Lawmakers need to address the nation’s mass-shooting problem for the right reasons.
With events as horrible as the recent mass shooting in El Paso, Texas, and Dayton, Ohio, the natural instinct of concerned people is to do something, anything, whatever it takes to solve a problem, even if the action taken doesn’t.
So it is unsurprising that those events and the mass attention they have drawn are dominating the national conversation about mass shootings, their causes and, more importantly, their prevention.
The public concern also is driving political concerns, and members of state legislatures and Congress are responding, some with concern and some to exploit circumstances for personal gain.
For an example of the latter, consider U.S. Sen. Kirsten Gillibrand, a Democrat from New York, who immediately sent out letters expressing outrage over what occurred and asking for contributions to her presidential campaign.
More common is the response of members of the U.S. House of Representatives like Rodney Davis.
The Illinois Republican said he is urging House Speaker Nancy Pelosi to call lawmakers back to Washington, D.C., to talk about passing a national “red flag” law.
“That’s something that needs to happen, that’s something that could’ve affected Dayton, it could’ve affected Parkland, too,” Davis said.
Red flag laws allow courts to temporarily confiscate firearms of anyone deemed to be a risk to themselves or others. Aimed at preventing tragedies like the ones in El Paso and Dayton, red flag laws permit police or family members to petition a state court to order the temporary removal of firearms from those who may present a danger to others or themselves.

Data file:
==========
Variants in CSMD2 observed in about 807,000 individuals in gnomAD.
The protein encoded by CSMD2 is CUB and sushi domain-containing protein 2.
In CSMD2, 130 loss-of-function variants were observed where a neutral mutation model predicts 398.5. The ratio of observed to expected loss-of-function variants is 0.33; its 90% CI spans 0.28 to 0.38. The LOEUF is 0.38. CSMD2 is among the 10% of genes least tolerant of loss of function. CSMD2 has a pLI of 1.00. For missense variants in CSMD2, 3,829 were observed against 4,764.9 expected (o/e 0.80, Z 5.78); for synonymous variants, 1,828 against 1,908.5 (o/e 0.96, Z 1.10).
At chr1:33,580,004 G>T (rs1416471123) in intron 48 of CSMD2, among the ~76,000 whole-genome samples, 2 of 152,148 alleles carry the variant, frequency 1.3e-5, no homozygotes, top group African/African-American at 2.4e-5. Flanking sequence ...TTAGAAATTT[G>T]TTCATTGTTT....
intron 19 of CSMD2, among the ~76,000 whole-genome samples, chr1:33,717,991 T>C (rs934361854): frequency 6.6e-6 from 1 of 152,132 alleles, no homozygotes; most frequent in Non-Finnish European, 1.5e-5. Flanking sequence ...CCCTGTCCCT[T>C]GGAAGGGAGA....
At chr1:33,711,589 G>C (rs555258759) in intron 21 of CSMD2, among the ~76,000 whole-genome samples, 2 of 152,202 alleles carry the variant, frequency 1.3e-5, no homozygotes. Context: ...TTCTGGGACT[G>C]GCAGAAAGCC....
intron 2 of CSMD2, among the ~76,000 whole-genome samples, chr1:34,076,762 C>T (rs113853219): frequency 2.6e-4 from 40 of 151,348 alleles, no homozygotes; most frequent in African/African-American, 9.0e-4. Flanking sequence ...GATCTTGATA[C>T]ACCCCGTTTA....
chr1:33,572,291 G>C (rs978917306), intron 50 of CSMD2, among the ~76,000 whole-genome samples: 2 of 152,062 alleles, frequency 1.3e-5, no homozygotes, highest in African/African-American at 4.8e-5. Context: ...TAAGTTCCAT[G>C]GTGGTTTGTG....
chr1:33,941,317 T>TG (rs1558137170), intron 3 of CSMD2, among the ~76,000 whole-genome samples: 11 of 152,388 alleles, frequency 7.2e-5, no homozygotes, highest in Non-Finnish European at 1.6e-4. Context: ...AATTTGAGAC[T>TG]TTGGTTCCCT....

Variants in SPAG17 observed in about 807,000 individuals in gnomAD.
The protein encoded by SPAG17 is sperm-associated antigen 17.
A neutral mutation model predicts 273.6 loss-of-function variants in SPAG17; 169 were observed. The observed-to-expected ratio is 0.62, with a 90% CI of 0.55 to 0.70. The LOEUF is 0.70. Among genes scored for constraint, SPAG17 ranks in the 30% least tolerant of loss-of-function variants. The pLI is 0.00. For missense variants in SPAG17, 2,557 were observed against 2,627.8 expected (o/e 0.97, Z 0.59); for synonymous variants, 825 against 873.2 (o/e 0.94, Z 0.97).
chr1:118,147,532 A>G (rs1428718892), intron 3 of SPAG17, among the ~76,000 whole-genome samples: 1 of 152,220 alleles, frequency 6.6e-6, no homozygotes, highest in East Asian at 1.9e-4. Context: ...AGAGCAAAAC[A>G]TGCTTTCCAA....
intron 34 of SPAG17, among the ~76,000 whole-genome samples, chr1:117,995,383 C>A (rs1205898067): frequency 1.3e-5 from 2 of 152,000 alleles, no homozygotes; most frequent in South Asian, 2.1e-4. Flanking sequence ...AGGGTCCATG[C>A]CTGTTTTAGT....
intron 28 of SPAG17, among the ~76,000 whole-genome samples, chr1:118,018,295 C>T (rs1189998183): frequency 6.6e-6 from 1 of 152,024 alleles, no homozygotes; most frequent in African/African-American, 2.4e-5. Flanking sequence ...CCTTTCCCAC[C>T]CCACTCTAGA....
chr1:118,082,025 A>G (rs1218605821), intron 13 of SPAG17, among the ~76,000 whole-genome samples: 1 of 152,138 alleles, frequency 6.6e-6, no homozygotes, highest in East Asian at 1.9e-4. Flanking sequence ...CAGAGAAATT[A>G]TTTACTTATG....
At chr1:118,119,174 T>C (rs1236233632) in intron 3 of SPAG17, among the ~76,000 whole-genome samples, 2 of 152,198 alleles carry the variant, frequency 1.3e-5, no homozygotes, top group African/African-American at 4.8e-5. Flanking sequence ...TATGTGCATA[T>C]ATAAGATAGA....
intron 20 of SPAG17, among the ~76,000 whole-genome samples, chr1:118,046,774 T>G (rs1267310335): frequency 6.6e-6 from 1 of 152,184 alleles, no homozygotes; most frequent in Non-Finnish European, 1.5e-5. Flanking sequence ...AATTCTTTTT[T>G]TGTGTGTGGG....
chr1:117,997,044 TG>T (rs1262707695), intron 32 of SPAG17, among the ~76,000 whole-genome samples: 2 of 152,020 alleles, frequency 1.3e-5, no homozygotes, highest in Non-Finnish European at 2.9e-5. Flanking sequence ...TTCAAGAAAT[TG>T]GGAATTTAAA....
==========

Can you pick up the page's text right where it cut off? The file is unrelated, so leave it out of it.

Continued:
Interestingly, that’s the same legal test — a danger to self or others — that provides legal grounds for an involuntary civil commitment of a disturbed person to a mental health facility.
As anyone can tell from observing disturbed people walking around in public, the law establishes a high legal standard. Many people are disturbed. But who can say with certainty what they will do or not do and to whom?
What’s obvious in hindsight isn’t so clear in advance, as the FBI noted in its examination of mass shootings that occurred between 2000 and 2013. People see things that, in retrospect, they consider to be red flags, but routinely take no action to alert authorities.
So, despite all the rhetoric about red flags, no one should get too excited about a red flag law’s impact on this problem.
Then there’s the problem with predictions. They are routinely wrong.
As Harvard law Professor Alan Dershowitz reported, a 2006 study of predictions about future violent behavior “contain many more who won’t be violent” than will.
“We don’t have the predictive tools necessary to raise the number of true positives, while at the same time reducing false positives,” he wrote.
Those who would prefer to abolish a person’s right to own a firearm, of course, would not be bothered by false positives. In their minds, the fewer guns there are in anyone’s hands, the better.
But those concerned about individual rights are rightly troubled by the notion of relying on predictions of future behavior as grounds for sanctions. Further, how far do sanctions go based on predictions of future violent behavior?
As Dershowitz noted, the relatives of 100,000 Japanese-Americans held in internment camps during World War II might have some opinions on that question.
Given the political atmosphere, it seems certain that federal and state legislators will move swiftly to address this issue.
But they’ll be doing it in the wrong atmosphere — a fever pitch driven, in part, by political gamesmanship — and for the wrong reason — to calm the national storm. Whether their proposals are effective is a different matter.
There is considerable room under the Second Amendment to establish reasonable rules regarding gun ownership. But it requires a delicate balance and a thoughtful approach not usually on display as emotions and tempers are running wild.